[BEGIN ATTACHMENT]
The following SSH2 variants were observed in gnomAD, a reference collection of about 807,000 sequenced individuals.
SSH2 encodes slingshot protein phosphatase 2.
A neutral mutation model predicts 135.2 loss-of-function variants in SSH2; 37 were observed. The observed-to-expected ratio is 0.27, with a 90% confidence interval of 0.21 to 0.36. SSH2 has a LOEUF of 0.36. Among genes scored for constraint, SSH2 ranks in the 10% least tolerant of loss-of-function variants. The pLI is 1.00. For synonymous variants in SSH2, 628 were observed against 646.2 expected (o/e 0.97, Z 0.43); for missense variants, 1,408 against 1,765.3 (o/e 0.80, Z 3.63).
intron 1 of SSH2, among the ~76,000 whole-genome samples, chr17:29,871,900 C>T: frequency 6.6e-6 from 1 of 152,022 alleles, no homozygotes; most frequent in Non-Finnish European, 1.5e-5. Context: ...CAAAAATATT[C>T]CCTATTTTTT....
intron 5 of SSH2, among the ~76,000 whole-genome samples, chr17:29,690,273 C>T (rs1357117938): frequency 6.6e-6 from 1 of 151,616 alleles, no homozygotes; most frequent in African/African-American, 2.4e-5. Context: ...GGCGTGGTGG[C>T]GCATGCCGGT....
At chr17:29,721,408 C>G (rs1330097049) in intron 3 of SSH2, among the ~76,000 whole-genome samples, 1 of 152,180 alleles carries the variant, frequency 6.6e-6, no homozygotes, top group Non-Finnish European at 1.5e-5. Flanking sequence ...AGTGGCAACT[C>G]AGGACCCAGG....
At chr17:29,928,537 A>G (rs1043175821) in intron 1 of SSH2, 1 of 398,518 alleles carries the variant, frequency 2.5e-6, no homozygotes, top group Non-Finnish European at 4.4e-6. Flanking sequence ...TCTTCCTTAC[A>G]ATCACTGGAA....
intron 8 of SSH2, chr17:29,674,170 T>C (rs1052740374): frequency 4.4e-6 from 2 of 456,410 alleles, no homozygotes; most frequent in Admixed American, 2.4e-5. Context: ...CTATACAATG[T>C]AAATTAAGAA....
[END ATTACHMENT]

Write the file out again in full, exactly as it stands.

The following SSH2 variants were observed in gnomAD, a reference collection of about 807,000 sequenced individuals.
SSH2 encodes slingshot protein phosphatase 2.
A neutral mutation model predicts 135.2 loss-of-function variants in SSH2; 37 were observed. The observed-to-expected ratio is 0.27, with a 90% confidence interval of 0.21 to 0.36. SSH2 has a LOEUF of 0.36. Among genes scored for constraint, SSH2 ranks in the 10% least tolerant of loss-of-function variants. The pLI is 1.00. For synonymous variants in SSH2, 628 were observed against 646.2 expected (o/e 0.97, Z 0.43); for missense variants, 1,408 against 1,765.3 (o/e 0.80, Z 3.63).
intron 1 of SSH2, among the ~76,000 whole-genome samples, chr17:29,871,900 C>T: frequency 6.6e-6 from 1 of 152,022 alleles, no homozygotes; most frequent in Non-Finnish European, 1.5e-5. Context: ...CAAAAATATT[C>T]CCTATTTTTT....
intron 5 of SSH2, among the ~76,000 whole-genome samples, chr17:29,690,273 C>T (rs1357117938): frequency 6.6e-6 from 1 of 151,616 alleles, no homozygotes; most frequent in African/African-American, 2.4e-5. Context: ...GGCGTGGTGG[C>T]GCATGCCGGT....
At chr17:29,721,408 C>G (rs1330097049) in intron 3 of SSH2, among the ~76,000 whole-genome samples, 1 of 152,180 alleles carries the variant, frequency 6.6e-6, no homozygotes, top group Non-Finnish European at 1.5e-5. Flanking sequence ...AGTGGCAACT[C>G]AGGACCCAGG....
At chr17:29,928,537 A>G (rs1043175821) in intron 1 of SSH2, 1 of 398,518 alleles carries the variant, frequency 2.5e-6, no homozygotes, top group Non-Finnish European at 4.4e-6. Flanking sequence ...TCTTCCTTAC[A>G]ATCACTGGAA....
intron 8 of SSH2, chr17:29,674,170 T>C (rs1052740374): frequency 4.4e-6 from 2 of 456,410 alleles, no homozygotes; most frequent in Admixed American, 2.4e-5. Context: ...CTATACAATG[T>C]AAATTAAGAA....